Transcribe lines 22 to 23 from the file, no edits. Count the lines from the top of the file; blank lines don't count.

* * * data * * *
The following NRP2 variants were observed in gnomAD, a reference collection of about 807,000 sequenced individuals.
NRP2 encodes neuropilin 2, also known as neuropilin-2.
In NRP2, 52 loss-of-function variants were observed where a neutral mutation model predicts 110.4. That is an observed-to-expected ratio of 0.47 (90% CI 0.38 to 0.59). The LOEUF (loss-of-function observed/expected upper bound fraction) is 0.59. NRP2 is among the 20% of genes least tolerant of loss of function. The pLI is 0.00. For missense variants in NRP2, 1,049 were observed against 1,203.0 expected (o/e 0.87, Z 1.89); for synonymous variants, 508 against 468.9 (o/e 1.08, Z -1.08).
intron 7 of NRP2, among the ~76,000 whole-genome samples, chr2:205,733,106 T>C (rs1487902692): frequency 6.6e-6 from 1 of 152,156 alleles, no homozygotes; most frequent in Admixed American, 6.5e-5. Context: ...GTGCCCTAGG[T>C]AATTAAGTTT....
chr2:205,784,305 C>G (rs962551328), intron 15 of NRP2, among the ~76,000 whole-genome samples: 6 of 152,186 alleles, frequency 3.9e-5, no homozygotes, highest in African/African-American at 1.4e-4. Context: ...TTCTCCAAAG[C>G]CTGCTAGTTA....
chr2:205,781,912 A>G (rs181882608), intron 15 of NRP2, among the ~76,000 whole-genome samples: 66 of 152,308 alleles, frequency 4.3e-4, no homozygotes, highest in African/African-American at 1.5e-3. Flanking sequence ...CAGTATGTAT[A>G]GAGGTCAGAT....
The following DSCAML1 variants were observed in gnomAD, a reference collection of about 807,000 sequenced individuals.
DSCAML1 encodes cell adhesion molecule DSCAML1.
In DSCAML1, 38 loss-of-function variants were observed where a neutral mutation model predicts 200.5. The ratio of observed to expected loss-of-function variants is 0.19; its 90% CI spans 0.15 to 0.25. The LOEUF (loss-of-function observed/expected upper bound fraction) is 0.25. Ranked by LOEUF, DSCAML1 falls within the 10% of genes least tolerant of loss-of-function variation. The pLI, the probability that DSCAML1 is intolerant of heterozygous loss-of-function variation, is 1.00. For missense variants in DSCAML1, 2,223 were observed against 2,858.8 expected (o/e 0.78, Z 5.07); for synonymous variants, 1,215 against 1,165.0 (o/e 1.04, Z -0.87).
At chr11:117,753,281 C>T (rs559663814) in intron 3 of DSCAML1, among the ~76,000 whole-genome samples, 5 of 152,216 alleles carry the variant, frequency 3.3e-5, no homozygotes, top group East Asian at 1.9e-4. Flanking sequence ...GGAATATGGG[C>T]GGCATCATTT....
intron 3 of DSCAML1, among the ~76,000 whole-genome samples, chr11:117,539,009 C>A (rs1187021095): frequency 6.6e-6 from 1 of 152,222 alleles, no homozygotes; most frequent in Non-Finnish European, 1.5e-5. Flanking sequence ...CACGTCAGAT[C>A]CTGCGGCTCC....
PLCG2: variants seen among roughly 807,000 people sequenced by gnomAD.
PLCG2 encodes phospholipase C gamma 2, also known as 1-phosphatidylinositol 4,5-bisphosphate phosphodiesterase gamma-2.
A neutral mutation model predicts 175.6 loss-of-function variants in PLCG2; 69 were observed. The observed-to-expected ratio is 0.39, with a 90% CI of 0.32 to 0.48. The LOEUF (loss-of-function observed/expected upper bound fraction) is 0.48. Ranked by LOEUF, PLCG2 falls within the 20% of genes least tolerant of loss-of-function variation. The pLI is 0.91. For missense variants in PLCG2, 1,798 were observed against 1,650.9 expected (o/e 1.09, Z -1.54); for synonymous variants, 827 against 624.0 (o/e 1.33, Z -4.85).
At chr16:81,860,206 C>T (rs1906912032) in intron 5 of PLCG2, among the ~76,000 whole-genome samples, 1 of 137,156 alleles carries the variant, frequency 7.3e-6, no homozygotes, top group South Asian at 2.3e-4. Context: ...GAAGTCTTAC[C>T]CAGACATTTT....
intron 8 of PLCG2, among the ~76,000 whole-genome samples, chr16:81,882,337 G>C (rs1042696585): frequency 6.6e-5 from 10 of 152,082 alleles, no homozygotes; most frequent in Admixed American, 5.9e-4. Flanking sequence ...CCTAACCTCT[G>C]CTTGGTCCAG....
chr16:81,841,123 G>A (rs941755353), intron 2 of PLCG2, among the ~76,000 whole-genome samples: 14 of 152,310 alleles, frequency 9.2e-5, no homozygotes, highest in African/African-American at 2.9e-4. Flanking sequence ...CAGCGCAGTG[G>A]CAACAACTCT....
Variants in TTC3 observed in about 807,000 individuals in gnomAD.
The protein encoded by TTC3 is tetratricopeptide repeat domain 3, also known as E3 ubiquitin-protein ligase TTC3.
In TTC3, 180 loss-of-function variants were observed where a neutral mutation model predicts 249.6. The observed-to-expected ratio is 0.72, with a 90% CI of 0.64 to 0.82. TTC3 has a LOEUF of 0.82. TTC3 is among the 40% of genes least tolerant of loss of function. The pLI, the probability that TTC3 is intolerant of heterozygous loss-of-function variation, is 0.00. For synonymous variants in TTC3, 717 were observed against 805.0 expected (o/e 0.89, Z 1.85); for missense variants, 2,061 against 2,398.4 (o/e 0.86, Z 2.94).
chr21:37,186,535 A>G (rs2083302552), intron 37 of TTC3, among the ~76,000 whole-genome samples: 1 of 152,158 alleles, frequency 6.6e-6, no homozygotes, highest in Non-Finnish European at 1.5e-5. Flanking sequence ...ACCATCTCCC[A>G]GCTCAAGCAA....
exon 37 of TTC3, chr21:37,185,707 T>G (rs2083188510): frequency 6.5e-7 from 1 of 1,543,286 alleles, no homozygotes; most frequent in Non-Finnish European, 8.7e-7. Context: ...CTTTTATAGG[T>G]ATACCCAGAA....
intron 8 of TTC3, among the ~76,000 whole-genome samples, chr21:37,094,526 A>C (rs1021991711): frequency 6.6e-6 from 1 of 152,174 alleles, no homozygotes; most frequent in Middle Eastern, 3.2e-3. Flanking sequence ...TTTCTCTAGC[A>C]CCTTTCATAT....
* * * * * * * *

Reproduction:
exon 37 of TTC3, chr21:37,185,707 T>G (rs2083188510): frequency 6.5e-7 from 1 of 1,543,286 alleles, no homozygotes; most frequent in Non-Finnish European, 8.7e-7. Context: ...CTTTTATAGG[T>G]ATACCCAGAA....
intron 8 of TTC3, among the ~76,000 whole-genome samples, chr21:37,094,526 A>C (rs1021991711): frequency 6.6e-6 from 1 of 152,174 alleles, no homozygotes; most frequent in Middle Eastern, 3.2e-3. Flanking sequence ...TTTCTCTAGC[A>C]CCTTTCATAT....